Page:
General Dynamics [GD] unveiled its Stryker Interim Maneuver-Short Range Air Defense (IM-SHORAD) platform last week after the Army received the first prototype at the beginning of October, with plans to deliver nine test vehicles by November 2020.
Kendall Linson, business development manager for GD Land Systems, told
Defense Daily at the Association of the United States Army conference in Washington, D.C., the Army has now approved four of the first five IM-SHORAD prototypes.
The IM-SHORAD Stryker is the Army’s effort to field a new mobile platform capable of taking down unmanned aircraft systems, rotary-wing and fixed-wing threats, as well as cruise missiles, with a Moog [MOG.A] Reconfigurable Integrated-weapons Platform (RIwP) turret, Hellfire and Stinger missiles and a 30mm cannon.
“The purpose of it was to meet an operational gap in short-range air defense maneuver formations,” Linson said.
GD was awarded a contract for IM-SHORAD prototypes last September to serve as the platform integrator on its Stryker vehicles, while Leonardo DRS is supplying the mission equipment package
“There really hasn’t been any major challenges. It took us 11 months to integrate this vehicle. We got the award in September of last year. In August, we had the first one finished. So as you can tell by the speed in which we were able to integrate that on the platform, there were very few challenges that we faced,” Linson told Defense Daily.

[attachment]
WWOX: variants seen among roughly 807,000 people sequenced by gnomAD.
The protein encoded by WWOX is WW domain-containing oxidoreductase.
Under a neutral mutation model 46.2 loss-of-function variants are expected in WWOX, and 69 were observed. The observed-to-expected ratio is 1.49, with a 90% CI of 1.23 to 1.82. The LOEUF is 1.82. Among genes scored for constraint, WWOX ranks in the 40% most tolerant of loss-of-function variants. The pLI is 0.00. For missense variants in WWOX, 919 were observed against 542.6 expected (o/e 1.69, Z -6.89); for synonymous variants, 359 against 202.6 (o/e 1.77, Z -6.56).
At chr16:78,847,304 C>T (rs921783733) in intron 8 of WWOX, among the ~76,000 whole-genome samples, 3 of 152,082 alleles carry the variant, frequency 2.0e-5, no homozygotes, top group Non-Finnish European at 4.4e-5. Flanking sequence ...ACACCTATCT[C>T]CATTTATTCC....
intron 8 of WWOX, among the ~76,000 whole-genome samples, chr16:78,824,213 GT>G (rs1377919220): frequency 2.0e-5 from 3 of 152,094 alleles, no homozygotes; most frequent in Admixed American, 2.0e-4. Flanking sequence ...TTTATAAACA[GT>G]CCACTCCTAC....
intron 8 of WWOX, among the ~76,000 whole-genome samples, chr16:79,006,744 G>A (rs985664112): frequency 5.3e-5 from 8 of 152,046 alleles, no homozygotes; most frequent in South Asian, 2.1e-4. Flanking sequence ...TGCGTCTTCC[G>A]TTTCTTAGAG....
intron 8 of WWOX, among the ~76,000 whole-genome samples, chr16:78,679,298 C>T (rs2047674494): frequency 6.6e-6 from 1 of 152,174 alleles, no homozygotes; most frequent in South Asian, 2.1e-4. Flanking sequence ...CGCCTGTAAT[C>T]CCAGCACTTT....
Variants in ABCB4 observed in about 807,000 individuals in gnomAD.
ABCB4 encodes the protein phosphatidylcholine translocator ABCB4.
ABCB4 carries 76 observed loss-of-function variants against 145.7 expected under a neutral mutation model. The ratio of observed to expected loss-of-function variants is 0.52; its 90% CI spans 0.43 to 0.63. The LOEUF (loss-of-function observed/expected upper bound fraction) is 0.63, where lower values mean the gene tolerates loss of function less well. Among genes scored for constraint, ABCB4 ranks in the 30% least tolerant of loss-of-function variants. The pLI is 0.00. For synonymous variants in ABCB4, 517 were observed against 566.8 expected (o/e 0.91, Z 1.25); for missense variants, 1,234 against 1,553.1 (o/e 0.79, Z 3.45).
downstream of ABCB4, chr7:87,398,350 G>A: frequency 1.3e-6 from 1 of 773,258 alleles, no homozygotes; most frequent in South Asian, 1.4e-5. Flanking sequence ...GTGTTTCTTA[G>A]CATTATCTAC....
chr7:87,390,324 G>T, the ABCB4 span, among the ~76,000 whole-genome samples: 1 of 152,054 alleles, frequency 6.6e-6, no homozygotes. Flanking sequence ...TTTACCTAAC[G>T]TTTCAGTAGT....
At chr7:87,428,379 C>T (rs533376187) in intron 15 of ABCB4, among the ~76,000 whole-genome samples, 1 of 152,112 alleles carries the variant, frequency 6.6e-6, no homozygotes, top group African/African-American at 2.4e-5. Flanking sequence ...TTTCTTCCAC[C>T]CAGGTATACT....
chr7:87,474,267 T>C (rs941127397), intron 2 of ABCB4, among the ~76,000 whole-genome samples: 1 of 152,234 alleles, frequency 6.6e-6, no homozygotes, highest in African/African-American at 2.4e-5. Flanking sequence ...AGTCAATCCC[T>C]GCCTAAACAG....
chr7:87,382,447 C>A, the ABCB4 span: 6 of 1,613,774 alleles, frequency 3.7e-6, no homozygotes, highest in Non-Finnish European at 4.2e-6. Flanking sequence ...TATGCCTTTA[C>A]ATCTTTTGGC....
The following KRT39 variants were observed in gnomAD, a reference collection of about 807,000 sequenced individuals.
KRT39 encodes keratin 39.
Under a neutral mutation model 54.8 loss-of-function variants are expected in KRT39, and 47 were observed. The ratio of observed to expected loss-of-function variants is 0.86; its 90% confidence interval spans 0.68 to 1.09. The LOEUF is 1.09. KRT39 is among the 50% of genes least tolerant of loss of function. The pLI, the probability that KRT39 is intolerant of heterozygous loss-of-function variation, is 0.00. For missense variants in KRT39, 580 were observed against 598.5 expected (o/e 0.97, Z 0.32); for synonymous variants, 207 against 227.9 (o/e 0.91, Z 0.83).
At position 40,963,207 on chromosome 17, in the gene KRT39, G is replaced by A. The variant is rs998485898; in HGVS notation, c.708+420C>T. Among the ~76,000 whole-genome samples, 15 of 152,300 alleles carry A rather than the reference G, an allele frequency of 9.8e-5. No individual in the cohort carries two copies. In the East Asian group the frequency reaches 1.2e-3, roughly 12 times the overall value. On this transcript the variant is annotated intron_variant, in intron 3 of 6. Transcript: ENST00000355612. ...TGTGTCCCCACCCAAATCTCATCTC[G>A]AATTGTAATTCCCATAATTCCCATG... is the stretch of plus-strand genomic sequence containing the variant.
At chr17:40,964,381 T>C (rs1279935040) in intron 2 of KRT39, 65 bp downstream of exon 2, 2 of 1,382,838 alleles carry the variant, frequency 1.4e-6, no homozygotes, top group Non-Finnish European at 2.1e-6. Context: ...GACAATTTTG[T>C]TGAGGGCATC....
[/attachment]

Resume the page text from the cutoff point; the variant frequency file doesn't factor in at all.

The vehicle on display at the AUSA show is the second prototype that will be delivered to the Army and will go to Aberdeen Proving Ground in Maryland.
Two more IM-SHORAD prototypes will then be delivered most likely to White Sands Missile Range in New Mexico, according to Linson.
A fifth prototype is currently at GD’s facility in Sterling Heights, Mich., and is in place to study logistics requirements.
Linson said the remaining four prototypes will be delivered in November 2020, with GD anticipated an Request for Proposal for follow-on production to arrive as early as next May.
The Army has indicated that it will likely require 144 IM-SHORAD platforms as it looks to scale out the capability by 2024.